How To: Create a Dynamic Sitemap or Menu

Posted by Sean Cribbs on Thursday, September 28, 2006 | |

You’ve created a beautifully organized site in RadiantCMS and now you want to have a navigation menu that can grow as your site grows. Here’s a solution that came from discussions on the mailing list and a page on the wiki.

Getting Started

We know that we can easily loop through all of the children of the current page (in context) with r:children:each, so let's start there.

<ul>
<r:children:each>
<li><r:link /></li>
</r:children:each>
</ul>

This will get us an unordered list of all of the child pages of the current page. Simple, right? But what if we want to get the children of the child pages? We could do something like this,

<ul>
<r:children:each>
<li> <r:link /> <ul> <r:children:each> <li><r:link /></li> </r:children:each> </ul> </li> </r:children:each> </ul>

but that only gives us the children and grandchildren, not any great-grandchildren or great-great-grandchildren and so forth. Notice how I've highlighted the new section in orange. Do you see the similarity between the orange section and our first snippet? This is a textbook example of a pattern that computer scientists call "recursion".

Recursion: Do something by making yourself do it by making yourself do it...

Recursion in programmer-speak means a piece of code that does something repetitive by calling itself. What if you keep calling yourself forever, you ask? A primary element of recursion is having a "base case", or a situation that will make you quit the calling chain.

Recursion works especially well in cases where you have a lot of information that's fairly uniformly structured. In our case, Radiant's pages are organized like a tree, where every node (page) on the tree has zero or more children. So let's apply the recursion pattern to our sitemap.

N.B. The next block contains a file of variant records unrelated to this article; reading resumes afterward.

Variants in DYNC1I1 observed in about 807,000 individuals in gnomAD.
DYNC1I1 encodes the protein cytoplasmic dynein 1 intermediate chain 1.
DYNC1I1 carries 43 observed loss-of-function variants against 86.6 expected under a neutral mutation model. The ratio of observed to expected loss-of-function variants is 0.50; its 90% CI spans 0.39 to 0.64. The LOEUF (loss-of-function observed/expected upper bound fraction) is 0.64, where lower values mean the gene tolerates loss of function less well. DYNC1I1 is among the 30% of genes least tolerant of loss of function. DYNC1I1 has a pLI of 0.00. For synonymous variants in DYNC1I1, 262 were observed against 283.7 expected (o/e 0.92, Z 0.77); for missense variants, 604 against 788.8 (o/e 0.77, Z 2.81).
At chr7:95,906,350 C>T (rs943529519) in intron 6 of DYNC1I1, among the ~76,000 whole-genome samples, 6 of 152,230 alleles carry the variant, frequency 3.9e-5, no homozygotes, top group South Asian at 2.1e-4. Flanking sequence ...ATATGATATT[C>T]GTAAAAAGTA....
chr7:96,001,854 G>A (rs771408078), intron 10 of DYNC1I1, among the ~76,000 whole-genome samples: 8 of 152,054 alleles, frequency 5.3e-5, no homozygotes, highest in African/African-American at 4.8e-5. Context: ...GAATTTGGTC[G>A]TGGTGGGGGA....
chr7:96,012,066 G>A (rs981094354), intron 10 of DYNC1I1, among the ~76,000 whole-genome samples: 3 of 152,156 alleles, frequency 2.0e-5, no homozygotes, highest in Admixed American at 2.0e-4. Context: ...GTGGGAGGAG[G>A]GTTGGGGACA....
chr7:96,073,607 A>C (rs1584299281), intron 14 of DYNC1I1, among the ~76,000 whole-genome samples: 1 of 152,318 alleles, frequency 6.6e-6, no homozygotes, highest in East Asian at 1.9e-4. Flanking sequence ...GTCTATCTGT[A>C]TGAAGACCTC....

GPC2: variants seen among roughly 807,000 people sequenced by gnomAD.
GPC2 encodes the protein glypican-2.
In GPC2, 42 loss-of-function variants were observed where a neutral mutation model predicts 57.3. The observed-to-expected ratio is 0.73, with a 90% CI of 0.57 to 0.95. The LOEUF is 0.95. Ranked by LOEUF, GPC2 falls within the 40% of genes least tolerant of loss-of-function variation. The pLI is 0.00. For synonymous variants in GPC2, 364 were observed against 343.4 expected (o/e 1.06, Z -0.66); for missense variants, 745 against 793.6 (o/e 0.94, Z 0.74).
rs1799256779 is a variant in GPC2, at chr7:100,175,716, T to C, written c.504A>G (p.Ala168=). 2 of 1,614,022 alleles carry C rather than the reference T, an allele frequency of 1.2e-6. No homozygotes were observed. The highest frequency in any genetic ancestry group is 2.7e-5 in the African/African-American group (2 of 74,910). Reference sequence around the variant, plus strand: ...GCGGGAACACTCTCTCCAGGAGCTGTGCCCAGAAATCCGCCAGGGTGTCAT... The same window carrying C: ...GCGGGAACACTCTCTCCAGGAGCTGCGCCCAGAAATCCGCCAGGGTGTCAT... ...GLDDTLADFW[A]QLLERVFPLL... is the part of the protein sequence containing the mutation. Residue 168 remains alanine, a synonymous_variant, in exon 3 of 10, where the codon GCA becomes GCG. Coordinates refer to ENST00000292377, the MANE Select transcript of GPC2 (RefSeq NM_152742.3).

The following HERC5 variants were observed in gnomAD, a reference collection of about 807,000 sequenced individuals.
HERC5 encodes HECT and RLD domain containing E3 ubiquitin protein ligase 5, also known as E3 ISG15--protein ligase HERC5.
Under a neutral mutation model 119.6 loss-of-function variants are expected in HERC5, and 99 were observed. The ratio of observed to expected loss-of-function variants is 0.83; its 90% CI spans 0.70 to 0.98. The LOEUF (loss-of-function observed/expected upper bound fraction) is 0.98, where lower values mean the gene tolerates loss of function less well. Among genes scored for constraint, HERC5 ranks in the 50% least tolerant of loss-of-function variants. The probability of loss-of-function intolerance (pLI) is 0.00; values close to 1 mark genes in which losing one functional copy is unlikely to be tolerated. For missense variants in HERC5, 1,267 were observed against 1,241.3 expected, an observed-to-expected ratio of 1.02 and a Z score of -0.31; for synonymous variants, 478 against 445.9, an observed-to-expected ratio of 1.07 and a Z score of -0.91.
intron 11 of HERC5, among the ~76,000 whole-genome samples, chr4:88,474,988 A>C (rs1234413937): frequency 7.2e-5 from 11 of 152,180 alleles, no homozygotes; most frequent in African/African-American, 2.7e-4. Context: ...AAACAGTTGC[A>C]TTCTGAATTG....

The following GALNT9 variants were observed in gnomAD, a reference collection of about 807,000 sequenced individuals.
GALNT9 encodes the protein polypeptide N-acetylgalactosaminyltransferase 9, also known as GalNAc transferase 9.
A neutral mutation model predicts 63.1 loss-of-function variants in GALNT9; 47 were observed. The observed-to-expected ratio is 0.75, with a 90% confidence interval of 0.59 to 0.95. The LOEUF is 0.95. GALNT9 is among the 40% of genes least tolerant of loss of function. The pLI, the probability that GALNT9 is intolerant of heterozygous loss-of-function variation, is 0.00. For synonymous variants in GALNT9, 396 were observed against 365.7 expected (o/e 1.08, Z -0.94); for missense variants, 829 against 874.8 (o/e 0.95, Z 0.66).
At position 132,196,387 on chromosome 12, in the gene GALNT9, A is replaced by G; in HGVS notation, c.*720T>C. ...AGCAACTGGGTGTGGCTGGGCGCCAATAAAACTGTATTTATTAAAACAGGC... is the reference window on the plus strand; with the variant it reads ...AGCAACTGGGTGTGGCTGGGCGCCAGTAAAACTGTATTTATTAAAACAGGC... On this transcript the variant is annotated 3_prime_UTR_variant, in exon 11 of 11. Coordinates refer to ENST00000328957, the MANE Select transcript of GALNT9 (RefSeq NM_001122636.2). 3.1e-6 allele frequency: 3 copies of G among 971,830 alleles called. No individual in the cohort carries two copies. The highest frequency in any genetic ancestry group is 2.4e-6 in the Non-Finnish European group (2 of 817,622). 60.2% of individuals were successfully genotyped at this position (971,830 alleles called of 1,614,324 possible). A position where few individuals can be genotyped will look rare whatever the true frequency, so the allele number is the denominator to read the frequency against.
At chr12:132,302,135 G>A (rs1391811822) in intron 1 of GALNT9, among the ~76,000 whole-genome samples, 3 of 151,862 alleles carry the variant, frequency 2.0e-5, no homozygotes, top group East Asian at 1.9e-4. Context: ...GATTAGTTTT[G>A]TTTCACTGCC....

That orange part is the part that's repeated, so let's figure out how to make it a snippet that calls itself.

<r:children:each>
<li>
<r:link />
<ul>
<r:snippet name="sitemap" />
</ul>
</li> </r:children:each>

Now, if we save that code as a Snippet named "sitemap", we have the basic outline of our sitemap. "Wait a minute!", you say. "Don't we need a base case? How do I know that this thing won't keep calling itself forever?" Luckily, we have the base case built into the r:children:each tag, which will only execute its contents if the current page actually has child pages. So at the deepest part of your tree, where no pages have any children, the sitemap will stop.

However, we're not completely finished with the exercise, we still have to put this in the page. Open up the page or layout where you want to put the sitemap and put in this code:

<r:find url="/">
<ul>
<r:snippet name="sitemap" />
</ul>
</r:find>

Now we have a complete site map that starts from the root page of the site. Of course, you can modify that tag to start from wherever you want.

Don't Show Them the Guts

This is great and all, but what if you've created pages that you don't want to show up in the site-map? Maybe you've created your CSS stylesheets in Radiant, but those shouldn't be navigable pages. Let's add a little enhancement to our snippet from before.

<r:children:each>
<r:unless_content part="no-map">
<li>
<r:link />
<ul>
<r:snippet name="sitemap" />
</ul>
</li>
</r:unless_content> </r:children:each>

Now, if we want to hide certain pages, all we have to do is add a "no-map" part (tab) to them in the admin interface. This will hide the page with the "no-map" part and all of its children, so be careful where you create those parts.

You Are Here

There had been some discussion on the mailing-list of how to create a contextually-sensitive site map or menu that included only the ancestor pages and their siblings and the children of the current page. Unfortunately, with the way that recursive snippets work, the tag.locals.page always equals the tag.globals.page, so you can't tell where you are in the recursion. I submitted a ticket about this, but the changes required would be so radical that it would potentially break things that already work. We'll wait and see!